Training Workers To Work At Heights Safely
It doesn’t matter whether workers work at heights daily or just occasionally; their safety must be a top priority. A fall from a ladder or scaffold can cause major injuries, even if the height perceived as not being dangerous.
The Occupational Safety & Health Administration decrees workplaces must have fall protection at an elevation of at least 4 feet, shipyards at 5 feet, and construction at 6 feet. In addition, a fall protection system must be in place when working over dangerous equipment. By following these tips, you can make sure your employees can protect themselves every time they might work at an elevation.
Assess the Risks
Employers and self-employed contractors are legally required to evaluate the risks before work begins. The work needs to be planned, so that everyone involved can do it safely. Put in place measures based on the risk assessment, such as safety nets or double guardrails. A safety plan, supervision, and conduct of work at height must be in place.
Using guardrails is a simple and effective method of protecting workers at heights. Railings are a passive safety barrier since they do not require any training. OSHA standards can be easily met and workers are protected with railings. There are many types of temporary and permanent railing systems, but they all have the same purpose: to keep people safe while working at a height.
Choose the Proper Personal Fall Protection Equipment
Selecting the right personal fall protection equipment is essential if you plan on providing the appropriate equipment for all workers. It’s important to understand the features of your fall arrest system so that you choose the right one. If you have used a full-body harness in the past, you should not hesitate to purchase another that meets ANSI standards. Fitting harnesses properly requires your workers to adjust them to their body proportions. Assessing your working conditions and the job description will allow you to provide your employees with any protection they require.
Analyze the Fall Distance
At construction sites, it is not unusual to find maintenance workers who have 6’ lanyards with deceleration devices but are working at a height of 12’. When assessing height, you need to compare its distance from the ground with the lanyard’s length. You must also consider your body length below the D-ring and any sagging in your harness and anchors.
Choose a Stable Anchor Point
The anchor points must be able to support not only the worker’s weight but also 5000 pounds per person. When one strong gust of wind strikes an unreliable tree or beam, the whole system can collapse. A proper anchor point must be documented and/or approved by an engineer or inspector.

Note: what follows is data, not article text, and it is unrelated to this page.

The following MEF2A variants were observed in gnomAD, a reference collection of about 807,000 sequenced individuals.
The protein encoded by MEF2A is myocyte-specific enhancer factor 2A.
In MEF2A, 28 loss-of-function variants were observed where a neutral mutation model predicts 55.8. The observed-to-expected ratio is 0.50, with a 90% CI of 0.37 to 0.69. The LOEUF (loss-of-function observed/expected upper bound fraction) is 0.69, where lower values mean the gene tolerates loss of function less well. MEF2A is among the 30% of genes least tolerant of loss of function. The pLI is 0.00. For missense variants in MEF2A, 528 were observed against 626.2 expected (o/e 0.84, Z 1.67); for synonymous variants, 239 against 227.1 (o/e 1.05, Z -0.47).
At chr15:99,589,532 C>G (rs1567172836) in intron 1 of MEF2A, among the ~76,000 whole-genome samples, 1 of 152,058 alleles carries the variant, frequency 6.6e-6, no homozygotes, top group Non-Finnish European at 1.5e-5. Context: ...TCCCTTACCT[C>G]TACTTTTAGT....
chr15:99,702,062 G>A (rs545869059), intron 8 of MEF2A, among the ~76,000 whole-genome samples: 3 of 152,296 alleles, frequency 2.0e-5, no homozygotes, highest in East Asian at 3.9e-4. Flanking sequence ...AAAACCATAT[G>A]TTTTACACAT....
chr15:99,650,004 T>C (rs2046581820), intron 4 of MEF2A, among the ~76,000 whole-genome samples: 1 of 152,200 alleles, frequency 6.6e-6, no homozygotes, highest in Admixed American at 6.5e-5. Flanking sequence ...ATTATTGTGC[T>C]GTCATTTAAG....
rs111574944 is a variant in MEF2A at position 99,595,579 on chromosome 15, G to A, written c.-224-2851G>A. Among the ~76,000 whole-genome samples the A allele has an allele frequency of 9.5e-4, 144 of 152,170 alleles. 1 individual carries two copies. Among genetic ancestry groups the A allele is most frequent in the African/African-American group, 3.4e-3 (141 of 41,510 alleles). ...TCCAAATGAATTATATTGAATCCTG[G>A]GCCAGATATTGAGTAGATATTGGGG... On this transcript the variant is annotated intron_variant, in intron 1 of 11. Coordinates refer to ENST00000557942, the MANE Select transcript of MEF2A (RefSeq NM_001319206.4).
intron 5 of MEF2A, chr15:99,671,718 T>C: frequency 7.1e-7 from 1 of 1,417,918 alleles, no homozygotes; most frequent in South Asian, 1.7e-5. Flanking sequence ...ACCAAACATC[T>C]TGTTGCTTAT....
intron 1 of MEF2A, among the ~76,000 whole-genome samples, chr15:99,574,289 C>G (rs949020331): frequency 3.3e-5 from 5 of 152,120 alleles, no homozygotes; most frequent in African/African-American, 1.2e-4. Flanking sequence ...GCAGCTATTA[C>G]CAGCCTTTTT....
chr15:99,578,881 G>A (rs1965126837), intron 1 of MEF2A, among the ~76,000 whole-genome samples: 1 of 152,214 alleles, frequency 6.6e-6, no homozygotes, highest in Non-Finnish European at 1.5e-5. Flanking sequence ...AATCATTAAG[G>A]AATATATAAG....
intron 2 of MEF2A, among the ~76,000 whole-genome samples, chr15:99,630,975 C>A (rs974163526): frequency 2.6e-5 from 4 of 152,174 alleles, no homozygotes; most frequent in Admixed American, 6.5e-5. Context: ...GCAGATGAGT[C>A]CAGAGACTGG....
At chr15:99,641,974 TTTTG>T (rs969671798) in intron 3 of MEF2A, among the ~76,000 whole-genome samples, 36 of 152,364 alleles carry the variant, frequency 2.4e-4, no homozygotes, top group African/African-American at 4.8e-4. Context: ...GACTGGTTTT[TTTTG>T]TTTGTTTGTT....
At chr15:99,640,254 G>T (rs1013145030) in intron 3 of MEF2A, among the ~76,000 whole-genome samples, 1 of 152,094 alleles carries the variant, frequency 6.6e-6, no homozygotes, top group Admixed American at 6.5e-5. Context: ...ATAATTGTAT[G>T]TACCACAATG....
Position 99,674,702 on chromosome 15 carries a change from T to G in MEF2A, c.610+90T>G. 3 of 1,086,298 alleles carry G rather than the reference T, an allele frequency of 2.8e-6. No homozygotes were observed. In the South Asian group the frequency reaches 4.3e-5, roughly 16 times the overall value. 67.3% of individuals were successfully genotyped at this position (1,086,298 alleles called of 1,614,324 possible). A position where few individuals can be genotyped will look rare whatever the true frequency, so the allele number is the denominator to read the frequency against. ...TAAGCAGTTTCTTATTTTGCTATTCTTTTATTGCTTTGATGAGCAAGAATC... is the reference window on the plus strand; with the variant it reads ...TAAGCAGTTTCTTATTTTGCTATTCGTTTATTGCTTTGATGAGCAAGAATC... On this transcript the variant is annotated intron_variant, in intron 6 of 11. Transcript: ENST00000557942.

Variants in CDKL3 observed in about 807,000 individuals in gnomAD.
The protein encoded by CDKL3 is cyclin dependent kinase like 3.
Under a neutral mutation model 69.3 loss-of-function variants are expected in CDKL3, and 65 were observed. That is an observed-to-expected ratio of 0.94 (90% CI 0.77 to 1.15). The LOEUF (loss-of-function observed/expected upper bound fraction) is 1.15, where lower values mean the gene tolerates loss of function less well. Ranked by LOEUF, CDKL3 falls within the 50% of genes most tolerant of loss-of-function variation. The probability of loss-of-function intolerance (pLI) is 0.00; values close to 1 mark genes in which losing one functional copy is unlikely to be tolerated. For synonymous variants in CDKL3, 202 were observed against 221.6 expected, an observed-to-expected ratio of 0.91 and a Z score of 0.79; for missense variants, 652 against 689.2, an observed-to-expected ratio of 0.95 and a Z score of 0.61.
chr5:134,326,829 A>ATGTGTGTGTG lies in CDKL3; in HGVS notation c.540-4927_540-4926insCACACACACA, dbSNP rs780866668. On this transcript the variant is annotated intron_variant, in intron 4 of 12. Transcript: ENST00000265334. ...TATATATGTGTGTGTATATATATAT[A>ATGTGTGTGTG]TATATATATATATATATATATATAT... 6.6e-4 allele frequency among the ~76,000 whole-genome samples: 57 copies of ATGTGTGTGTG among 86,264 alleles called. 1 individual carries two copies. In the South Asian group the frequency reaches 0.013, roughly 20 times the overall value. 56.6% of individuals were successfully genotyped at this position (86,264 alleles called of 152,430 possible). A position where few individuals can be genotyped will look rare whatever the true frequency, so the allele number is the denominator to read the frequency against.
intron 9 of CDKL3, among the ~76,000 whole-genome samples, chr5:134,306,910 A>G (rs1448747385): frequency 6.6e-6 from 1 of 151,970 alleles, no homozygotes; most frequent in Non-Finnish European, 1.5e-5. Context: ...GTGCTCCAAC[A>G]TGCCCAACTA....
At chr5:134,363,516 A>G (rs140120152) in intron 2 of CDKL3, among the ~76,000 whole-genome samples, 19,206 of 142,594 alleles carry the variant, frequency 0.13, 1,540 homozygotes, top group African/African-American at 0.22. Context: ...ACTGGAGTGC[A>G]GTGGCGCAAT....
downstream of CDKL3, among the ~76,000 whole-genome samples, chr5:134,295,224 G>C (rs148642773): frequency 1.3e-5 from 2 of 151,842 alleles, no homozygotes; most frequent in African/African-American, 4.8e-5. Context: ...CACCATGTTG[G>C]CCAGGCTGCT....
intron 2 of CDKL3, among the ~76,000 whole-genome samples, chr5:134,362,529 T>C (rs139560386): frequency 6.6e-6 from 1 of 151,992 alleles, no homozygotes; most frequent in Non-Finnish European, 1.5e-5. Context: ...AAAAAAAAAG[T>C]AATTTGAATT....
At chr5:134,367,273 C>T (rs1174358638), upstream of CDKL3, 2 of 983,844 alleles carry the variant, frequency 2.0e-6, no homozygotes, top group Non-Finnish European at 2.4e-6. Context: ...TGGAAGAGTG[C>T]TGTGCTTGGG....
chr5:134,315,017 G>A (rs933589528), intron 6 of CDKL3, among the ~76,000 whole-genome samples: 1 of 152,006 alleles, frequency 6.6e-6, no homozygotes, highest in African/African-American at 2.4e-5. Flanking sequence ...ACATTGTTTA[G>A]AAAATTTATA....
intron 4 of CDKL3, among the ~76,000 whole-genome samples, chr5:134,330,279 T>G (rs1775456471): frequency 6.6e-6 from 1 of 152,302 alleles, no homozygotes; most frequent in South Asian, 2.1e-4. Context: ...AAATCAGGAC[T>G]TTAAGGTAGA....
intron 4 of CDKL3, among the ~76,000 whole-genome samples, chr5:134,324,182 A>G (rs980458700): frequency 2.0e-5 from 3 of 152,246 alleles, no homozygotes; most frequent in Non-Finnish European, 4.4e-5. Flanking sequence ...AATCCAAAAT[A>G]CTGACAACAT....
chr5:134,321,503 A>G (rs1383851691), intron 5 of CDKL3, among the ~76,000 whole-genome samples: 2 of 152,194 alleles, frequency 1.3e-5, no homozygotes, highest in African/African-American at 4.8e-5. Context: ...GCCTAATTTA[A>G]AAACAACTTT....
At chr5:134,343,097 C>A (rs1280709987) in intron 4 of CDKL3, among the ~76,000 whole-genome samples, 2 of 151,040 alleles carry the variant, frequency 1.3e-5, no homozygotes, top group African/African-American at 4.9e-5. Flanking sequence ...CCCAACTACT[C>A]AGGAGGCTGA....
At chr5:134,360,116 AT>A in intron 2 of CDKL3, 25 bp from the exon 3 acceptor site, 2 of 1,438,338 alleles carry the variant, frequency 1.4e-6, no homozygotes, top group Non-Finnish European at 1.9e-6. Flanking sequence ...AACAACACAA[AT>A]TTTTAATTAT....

Find the Best Fall Protection for Working at Heights
For ladders, scaffolds, and when workers must perform elevated tasks, OSHA requires workers to wear fall protection. A scaffold with a safety railing may be necessary if they are higher up. Make sure there are horizontal lifelines available to prevent falls on lower floors, like the ground floor or second floor.
Understanding which elevation system a project requires is crucial. A ladder can limit a worker’s movement and pose a danger. Scaffolding can make a worker more productive when at a height. Finally, aerial lifts can reach high places.
Correctly Use Ladders
The construction industry regularly violates safety standards regarding ladder protection. There are several ladder-related incidents that can be dangerous for those around the ladder, such as falling from the ladder, toppling over, and tip-overs.
Ladder rails should be parallel to the structure they support, with both footpads mounted on a stable surface. Use a barrier to redirect workers and equipment if you are using a ladder in an active area. Always block off a door if you place the ladder in front of one. Be sure to use a ladder safety gate or offset if you plan to use a fixed ladder.
Ensure Proper Training for All Employees
Proper training of employees is the key to ensuring their safety at heights. It’s important for employers to train their workers about fall-related hazards and how to minimize them. Not only must training be completed by law, but it is also far too easy for an individual who does not possess the proper training to make a mistake and cause confusion.
There is specialized training designed to ensure a competent level of competence in remaining safe at height. It can include emergency ladder rescue, harness inspections, and tower access, among others. Remind workers to check their harnesses and lanyards to ensure they’re stable and can support their weight.
All Workers Can Stay Safe
Safe work environments are essential, and the right policies and procedures should be in place for working at heights. Fall protection requirements should be determined for each situation. Identify what safety standards apply to the work and create a safety plan to ensure all workers are protected.